PHILIP HAMMOND: Well, I reject the finding of this working group. It’s a group made up of laypeople, not lawyers, and they are—their conclusion is flawed in law. Julian Assange is a fugitive from justice. He’s hiding from justice in the Ecuadorean Embassy. He can come out onto the pavement any time he chooses. He’s not being detained by us. But he will have to face justice in Sweden, if he chooses to do so. And it’s right that he should not be able to escape justice. This is a—frankly, a ridiculous finding by the working group, and we reject it.
JUAN GONZÁLEZ: At a press conference at the Frontline Club in London this morning, Julian Assange’s attorney, Melinda Taylor, discussed the significance of the ruling.
MELINDA TAYLOR: So, finally, we have the verdict of the United Nations Working Group on Arbitrary Detention. And they issued a very detailed opinion, which considers all arguments from Sweden and the United Kingdom. And this decision dispels the myth that Mr. Assange is either a fugitive from justice or that he could just walk out of the embassy. It is a damning indictment of the manner in which this case has been handled. It further affirms that Mr. Assange is a victim of a significant miscarriage of justice that is attributable to the action and inaction of both Sweden and the United Kingdom. It further emphasized Julian’s continued willingness to cooperate with the investigations in this case at all stages of the procedure.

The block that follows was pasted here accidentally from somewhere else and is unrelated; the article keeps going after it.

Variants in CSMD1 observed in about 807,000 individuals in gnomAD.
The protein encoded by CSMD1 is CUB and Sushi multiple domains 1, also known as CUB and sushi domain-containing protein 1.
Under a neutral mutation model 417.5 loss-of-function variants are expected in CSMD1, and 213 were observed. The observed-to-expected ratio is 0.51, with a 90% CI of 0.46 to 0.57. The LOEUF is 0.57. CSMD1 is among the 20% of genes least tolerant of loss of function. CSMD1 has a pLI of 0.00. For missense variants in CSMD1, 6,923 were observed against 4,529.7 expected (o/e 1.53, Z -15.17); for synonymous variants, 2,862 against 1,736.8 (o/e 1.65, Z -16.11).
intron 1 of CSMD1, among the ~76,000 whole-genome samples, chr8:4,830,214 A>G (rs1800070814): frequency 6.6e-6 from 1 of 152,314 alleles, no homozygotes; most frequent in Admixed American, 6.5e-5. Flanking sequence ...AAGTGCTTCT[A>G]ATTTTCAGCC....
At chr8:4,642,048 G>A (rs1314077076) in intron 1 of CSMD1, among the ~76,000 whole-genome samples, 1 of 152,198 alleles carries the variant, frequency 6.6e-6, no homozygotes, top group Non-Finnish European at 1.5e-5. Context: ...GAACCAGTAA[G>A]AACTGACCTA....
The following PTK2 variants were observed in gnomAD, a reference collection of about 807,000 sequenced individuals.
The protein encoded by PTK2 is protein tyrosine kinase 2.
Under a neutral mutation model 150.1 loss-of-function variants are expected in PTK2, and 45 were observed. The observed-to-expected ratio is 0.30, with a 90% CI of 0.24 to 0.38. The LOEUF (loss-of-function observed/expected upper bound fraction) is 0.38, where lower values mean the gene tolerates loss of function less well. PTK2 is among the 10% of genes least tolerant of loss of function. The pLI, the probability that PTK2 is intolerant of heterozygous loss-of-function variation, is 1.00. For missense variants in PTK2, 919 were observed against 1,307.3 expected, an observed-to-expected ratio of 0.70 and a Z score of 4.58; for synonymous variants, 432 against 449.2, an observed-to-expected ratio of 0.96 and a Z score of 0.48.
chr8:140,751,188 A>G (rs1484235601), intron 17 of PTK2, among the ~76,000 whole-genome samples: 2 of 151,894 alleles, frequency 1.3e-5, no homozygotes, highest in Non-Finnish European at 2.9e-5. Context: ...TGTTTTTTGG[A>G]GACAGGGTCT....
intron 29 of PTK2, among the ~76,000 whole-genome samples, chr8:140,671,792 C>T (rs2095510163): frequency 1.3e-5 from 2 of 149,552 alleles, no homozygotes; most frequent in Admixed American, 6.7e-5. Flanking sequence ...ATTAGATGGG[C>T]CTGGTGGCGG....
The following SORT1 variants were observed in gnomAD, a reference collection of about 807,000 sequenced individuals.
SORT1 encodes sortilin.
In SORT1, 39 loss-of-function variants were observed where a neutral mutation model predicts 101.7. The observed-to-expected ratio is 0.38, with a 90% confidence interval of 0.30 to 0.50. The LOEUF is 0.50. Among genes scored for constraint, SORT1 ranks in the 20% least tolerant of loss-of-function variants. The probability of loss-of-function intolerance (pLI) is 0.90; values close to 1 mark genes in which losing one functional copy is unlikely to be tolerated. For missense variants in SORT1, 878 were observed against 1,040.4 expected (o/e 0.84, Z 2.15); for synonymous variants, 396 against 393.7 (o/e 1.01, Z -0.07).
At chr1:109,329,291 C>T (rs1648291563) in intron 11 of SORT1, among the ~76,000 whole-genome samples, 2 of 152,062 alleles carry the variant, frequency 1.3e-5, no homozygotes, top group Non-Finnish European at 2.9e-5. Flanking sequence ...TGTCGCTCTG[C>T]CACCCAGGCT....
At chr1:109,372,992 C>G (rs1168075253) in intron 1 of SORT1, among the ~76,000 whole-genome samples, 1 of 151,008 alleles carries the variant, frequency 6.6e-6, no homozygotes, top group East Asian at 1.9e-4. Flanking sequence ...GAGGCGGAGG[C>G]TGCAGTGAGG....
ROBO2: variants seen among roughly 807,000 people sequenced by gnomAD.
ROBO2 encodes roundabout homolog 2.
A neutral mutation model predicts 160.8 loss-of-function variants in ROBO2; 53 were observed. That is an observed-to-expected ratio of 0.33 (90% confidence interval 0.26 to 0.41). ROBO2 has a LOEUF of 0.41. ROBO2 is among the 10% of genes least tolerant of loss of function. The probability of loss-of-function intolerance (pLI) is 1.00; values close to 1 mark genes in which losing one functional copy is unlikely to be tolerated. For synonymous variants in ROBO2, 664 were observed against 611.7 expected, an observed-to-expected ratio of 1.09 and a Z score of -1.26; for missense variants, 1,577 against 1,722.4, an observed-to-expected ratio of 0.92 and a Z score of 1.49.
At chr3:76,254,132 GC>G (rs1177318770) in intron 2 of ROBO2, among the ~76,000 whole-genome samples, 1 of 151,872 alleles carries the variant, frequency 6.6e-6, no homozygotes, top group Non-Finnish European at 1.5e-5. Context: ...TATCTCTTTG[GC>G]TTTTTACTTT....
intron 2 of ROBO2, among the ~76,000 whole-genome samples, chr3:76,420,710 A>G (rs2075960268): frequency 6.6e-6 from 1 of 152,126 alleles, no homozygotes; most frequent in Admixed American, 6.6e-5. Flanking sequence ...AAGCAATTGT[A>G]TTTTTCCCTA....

Now, today I’m going to first address why we brought a complaint before the United Nations working group and, secondly, what are the findings of this working group. In terms of why we brought the complaint, there are two main reasons. First, he is and has been detained now for five years, one month and 29 days. And to put it bluntly, that’s a hell of a long time to detain someone, someone who has never been charged and has never even been questioned by the Swedish authorities.